It was extremely difficult for them to understand what route I had taken to reach Korea. They were also fascinated by the curls in my hair because in the big cities like Seoul many elderly women, when their hair begins to thin, find themselves curling their straight hair. What is more, it is fashionable to have one’s jaw operated on to make the Korean features less recognisable.
In Seoul you can see the diversity of China and the social and economic organisation that is closer to Japan. Their complete geographic isolation from the rest of the world, considering the closure during defrosting with North Korea, means that this country is like an island. I couldn’t use the main roads here either but, unlike China, the guide and the roads are in a state of outstanding perfection.
After the capital Eumseong, Daegu and Haeundre, the countryside is quite structured up to the port of Busan. There I felt a great air of excitement, a happiness I couldn’t describe. I was just 214 km from the Japanese coast.
Getting a ticket for the ferry and boarding the motorcycle for Japan was very difficult, I had to show my return flight ticket once I arrived in Japan. The procedures at the port of Busan, and the procedures once I arrived at the port of Fukuoka, were incredible! I knew I had finally arrived, but all the red tape took time that was not compatible with my enthusiasm. At Busan I found plenty of stonewalling, I think it was due to the difficulty of taking responsibility for handling foreign documents. In Fukuoka, on the other hand, there was an excess of perfectionism, so as not to create an atypical case. Just like me, my bike also felt the need to arrive at our destination.
In Fukuoka my immense joy helps me to get over having to drive on the left, and the perfection of the motorways and the Japanese way of driving becomes extremely fantastic. Many people were so proud of me for having made it all the way there on a Yamaha, indeed, in their opinion probably the only possible way to arrive at my destination was with a product of Japanese origin! Patriotism and a warm welcome were what made my stops at the service stations true oases of happiness. The super technological toilets replaced the holes in the floor, surrounded by metal sheeting, that I had used in Mongolia; wonderful fish dishes replaced the tough meat I had been forced to eat in the countries without sea; and the safe conditions of the roads and the politeness made me feel right at home.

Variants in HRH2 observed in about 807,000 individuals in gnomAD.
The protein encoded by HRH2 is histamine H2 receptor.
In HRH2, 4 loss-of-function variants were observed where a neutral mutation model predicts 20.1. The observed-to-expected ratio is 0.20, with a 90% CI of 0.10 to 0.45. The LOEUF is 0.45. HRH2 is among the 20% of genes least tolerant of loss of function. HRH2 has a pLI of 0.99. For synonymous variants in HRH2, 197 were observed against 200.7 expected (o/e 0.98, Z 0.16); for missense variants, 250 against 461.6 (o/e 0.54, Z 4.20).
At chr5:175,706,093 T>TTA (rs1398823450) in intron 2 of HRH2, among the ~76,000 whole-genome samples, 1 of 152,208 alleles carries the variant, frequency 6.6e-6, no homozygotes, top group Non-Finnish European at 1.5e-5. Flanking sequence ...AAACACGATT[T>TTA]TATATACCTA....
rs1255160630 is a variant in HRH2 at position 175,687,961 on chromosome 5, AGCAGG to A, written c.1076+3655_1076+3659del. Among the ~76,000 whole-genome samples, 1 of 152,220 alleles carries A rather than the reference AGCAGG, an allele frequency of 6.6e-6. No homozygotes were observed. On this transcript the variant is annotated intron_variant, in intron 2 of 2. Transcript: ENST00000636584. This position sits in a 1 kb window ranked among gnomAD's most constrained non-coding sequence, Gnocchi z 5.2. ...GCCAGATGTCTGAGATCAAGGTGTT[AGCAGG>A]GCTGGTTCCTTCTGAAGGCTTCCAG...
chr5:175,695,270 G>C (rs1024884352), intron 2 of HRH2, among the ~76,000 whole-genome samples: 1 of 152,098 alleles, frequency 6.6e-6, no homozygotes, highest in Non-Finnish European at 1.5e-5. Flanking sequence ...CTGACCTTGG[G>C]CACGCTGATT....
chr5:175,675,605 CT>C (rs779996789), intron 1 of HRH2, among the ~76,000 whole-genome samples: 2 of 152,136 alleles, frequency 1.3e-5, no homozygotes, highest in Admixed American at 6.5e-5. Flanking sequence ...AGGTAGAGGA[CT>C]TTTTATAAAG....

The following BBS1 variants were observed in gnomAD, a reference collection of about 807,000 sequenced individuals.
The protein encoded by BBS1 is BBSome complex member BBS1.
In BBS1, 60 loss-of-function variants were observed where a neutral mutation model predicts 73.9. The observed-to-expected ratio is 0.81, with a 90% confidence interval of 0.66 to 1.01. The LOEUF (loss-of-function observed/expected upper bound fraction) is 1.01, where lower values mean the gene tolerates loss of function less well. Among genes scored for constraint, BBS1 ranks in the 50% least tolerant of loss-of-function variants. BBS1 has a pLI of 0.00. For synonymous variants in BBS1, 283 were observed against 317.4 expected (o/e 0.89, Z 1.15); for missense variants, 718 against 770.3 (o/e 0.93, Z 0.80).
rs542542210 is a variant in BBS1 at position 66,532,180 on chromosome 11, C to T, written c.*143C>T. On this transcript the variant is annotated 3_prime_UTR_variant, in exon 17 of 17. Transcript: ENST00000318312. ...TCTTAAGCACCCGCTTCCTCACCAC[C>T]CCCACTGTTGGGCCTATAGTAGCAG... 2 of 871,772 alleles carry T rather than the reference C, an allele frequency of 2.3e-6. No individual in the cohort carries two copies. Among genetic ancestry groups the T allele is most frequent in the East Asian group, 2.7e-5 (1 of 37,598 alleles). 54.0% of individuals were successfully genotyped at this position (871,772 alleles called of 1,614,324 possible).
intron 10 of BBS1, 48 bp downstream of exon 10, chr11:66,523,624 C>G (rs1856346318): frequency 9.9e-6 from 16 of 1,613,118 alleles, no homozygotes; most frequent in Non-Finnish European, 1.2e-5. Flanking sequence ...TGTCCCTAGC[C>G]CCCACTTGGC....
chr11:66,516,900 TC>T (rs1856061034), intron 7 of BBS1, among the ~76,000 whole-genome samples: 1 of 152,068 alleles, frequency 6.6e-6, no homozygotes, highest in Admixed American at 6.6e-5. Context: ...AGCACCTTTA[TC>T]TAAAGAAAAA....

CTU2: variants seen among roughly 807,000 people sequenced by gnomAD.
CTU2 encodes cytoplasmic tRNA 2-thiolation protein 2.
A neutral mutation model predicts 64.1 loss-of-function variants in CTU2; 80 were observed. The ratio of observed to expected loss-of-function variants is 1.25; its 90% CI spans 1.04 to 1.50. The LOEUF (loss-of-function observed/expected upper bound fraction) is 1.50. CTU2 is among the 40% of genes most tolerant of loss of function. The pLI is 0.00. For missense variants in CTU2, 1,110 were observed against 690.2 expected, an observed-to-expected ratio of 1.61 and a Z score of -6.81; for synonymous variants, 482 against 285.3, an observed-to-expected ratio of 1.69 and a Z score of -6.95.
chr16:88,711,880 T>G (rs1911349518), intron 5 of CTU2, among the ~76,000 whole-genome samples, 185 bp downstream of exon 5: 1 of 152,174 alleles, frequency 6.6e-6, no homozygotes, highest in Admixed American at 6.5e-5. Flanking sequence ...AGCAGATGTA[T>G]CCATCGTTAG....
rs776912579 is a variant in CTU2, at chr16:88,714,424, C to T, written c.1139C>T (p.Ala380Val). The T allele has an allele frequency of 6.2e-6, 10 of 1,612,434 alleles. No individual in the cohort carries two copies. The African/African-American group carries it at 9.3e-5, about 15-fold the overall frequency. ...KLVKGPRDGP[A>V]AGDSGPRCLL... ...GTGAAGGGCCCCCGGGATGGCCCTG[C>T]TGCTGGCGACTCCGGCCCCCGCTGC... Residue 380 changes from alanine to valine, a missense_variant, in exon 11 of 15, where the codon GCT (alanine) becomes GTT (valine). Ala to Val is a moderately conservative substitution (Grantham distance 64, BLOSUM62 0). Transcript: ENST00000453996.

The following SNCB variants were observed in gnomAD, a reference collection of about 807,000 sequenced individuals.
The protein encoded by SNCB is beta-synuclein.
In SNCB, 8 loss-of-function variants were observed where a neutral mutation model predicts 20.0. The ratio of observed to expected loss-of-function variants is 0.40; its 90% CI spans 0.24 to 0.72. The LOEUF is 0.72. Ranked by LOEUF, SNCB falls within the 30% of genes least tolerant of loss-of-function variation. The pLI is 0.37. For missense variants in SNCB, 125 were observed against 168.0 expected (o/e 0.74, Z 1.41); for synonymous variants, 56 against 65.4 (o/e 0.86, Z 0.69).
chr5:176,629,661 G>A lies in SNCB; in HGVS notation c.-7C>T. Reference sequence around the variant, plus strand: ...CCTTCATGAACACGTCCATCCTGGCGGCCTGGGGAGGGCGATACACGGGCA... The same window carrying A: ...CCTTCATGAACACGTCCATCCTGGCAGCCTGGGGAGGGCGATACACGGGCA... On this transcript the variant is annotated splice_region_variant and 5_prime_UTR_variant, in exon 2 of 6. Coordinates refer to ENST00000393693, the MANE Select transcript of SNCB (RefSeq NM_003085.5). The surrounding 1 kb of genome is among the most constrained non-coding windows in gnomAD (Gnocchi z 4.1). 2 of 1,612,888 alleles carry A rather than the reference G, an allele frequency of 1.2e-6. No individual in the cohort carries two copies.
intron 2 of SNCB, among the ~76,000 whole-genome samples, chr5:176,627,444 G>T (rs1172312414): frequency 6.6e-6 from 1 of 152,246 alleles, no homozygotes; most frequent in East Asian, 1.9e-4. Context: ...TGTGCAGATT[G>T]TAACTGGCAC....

Passing through Kyoto, the ancient capital of Japan, I reached the headquarters of Yamaha where I was joyfully welcomed and interviewed, and they admired my amazing achievement. Passing through Hakone, the centre par excellence of the ancient Onsens, I reached Tokyo under relentless rain. Speaking Japanese and with the intention of getting to know the Japanese people, in my short time there I wanted to share everything with them. Tokyo had never been so beautiful as when I explored it as a motorcyclist, I had never felt this state of greatness and enthusiasm.
I am dazed, incredulous, but with a strength that I never knew I had. The bike was part of a process that was surely greater than her, and I strived to measure this great and incredible effort. The emotion of my friends in Tokyo was striking.
In no time at all, before the cold in the north begins to descend, I reach Sendai, I arrive at Iwate Prefecture to stop at Morioka, my destination. There, the volcano Monte Iwate has never looked so beautiful. The sunny day contrasted the cold of the night as I prepared to say my goodbyes and prepare my luggage to leave the bike to be sent by ship and go back to the daily grind, in one way or another, with an endless number of emotions, which still today I have not been able to give a name and face.